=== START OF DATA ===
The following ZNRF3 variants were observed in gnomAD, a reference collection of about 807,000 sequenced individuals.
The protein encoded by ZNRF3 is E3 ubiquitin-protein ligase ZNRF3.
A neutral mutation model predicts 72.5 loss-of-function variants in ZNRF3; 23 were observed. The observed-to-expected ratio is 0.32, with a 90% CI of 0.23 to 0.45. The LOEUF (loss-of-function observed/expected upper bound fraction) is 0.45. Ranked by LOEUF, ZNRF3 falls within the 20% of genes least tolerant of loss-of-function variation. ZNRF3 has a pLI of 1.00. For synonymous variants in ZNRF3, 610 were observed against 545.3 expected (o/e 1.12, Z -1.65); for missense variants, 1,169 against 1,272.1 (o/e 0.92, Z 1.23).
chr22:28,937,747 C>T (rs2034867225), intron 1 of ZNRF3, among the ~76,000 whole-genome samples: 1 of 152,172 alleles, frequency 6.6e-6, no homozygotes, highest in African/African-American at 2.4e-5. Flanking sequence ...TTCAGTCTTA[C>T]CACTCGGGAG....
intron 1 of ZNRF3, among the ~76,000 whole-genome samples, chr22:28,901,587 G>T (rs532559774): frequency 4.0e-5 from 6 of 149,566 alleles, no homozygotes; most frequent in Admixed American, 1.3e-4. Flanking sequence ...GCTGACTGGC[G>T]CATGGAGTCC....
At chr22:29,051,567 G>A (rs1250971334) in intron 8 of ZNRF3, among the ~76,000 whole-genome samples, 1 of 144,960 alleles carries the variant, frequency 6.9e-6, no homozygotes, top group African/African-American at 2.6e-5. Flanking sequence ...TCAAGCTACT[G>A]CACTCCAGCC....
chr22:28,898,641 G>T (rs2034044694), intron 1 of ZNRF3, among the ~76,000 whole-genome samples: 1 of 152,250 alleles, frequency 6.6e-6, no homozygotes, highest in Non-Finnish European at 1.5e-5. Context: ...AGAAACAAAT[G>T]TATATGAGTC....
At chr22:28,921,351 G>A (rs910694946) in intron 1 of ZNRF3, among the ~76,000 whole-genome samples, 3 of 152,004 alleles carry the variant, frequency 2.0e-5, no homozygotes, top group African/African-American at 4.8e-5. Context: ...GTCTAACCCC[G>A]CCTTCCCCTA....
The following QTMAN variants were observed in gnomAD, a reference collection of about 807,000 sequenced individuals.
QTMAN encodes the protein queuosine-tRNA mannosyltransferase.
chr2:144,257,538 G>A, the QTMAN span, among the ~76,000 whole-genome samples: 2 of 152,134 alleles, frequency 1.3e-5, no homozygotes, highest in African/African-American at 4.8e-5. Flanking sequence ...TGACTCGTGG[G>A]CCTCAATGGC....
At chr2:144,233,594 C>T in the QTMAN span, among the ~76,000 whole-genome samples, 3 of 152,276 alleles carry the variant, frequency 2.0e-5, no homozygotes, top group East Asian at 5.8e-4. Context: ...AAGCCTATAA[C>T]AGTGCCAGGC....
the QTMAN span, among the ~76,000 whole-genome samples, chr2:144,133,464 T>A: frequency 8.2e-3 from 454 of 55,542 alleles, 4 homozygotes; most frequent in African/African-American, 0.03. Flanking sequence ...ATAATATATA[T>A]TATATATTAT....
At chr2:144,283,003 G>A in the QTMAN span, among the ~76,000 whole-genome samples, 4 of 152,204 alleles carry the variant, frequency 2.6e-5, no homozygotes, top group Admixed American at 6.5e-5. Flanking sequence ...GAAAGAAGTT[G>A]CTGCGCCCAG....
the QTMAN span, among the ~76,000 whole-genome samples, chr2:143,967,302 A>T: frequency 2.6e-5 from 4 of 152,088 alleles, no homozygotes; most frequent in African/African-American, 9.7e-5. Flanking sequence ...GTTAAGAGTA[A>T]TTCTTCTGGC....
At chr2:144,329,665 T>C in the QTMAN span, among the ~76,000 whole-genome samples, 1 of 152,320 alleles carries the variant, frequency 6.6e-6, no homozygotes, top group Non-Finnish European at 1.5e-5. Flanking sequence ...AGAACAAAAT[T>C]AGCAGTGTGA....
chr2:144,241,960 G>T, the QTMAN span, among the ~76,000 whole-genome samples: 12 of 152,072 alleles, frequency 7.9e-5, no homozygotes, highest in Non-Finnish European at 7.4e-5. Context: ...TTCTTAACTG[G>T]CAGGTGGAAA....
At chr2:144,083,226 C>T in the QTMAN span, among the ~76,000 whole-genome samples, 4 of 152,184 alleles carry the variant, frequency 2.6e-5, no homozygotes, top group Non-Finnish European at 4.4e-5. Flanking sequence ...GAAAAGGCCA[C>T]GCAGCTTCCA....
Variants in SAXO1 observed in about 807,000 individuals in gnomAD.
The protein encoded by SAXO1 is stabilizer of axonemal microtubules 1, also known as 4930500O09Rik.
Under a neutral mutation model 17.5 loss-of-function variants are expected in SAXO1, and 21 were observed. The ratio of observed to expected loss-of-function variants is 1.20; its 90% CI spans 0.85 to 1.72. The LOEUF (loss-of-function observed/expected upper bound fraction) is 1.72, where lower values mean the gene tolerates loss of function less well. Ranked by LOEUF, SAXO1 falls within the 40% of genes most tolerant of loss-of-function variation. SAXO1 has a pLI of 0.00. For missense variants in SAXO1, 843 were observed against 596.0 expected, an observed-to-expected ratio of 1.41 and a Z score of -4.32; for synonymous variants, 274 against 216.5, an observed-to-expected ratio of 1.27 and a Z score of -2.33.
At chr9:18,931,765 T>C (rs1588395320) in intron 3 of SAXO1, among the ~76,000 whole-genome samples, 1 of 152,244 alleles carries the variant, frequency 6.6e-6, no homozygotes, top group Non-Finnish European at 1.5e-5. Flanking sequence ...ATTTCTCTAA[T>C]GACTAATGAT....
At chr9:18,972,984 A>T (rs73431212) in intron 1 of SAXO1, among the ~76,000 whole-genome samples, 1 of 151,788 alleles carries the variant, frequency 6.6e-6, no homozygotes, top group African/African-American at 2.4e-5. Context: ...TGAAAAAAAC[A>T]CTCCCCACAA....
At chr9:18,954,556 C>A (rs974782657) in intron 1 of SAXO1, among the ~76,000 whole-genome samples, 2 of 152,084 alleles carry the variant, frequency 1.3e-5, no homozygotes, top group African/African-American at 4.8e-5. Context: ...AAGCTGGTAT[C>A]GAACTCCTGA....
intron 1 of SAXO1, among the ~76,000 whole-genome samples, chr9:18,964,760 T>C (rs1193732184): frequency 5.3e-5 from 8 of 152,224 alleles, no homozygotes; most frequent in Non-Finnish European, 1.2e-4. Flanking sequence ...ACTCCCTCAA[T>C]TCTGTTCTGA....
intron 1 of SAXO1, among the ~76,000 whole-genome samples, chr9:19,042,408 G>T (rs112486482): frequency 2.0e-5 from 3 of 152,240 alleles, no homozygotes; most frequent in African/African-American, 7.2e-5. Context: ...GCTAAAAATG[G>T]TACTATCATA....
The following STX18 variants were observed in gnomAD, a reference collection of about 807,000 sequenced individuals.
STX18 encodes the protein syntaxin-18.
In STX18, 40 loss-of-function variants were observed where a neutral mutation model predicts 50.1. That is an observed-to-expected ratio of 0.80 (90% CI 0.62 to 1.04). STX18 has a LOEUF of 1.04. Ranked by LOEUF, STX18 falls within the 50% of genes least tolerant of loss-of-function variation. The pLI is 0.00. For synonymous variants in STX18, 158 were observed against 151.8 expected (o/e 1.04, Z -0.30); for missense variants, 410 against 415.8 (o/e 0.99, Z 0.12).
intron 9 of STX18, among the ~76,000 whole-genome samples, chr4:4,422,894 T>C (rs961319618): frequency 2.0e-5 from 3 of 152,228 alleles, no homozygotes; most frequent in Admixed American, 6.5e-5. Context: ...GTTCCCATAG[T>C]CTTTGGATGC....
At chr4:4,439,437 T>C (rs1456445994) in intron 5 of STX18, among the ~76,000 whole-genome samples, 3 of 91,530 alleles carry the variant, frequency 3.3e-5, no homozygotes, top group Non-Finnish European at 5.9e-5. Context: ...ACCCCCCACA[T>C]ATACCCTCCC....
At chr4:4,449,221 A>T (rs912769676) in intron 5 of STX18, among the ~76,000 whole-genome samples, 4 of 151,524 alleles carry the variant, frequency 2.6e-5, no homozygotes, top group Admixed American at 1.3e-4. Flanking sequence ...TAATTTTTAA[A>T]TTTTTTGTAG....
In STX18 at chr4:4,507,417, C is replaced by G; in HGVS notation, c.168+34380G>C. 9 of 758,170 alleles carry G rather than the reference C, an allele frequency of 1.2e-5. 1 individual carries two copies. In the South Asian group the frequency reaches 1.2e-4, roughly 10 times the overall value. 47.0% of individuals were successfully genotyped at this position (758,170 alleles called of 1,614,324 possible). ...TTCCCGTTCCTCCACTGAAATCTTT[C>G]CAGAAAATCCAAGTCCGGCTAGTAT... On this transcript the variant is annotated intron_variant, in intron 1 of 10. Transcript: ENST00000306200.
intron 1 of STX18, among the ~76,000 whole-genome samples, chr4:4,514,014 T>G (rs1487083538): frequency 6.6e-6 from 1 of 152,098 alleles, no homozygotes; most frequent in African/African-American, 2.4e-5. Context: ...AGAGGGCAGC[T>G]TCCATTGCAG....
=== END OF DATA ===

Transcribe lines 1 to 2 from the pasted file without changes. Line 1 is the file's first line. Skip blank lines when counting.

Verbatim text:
The following ZNRF3 variants were observed in gnomAD, a reference collection of about 807,000 sequenced individuals.
The protein encoded by ZNRF3 is E3 ubiquitin-protein ligase ZNRF3.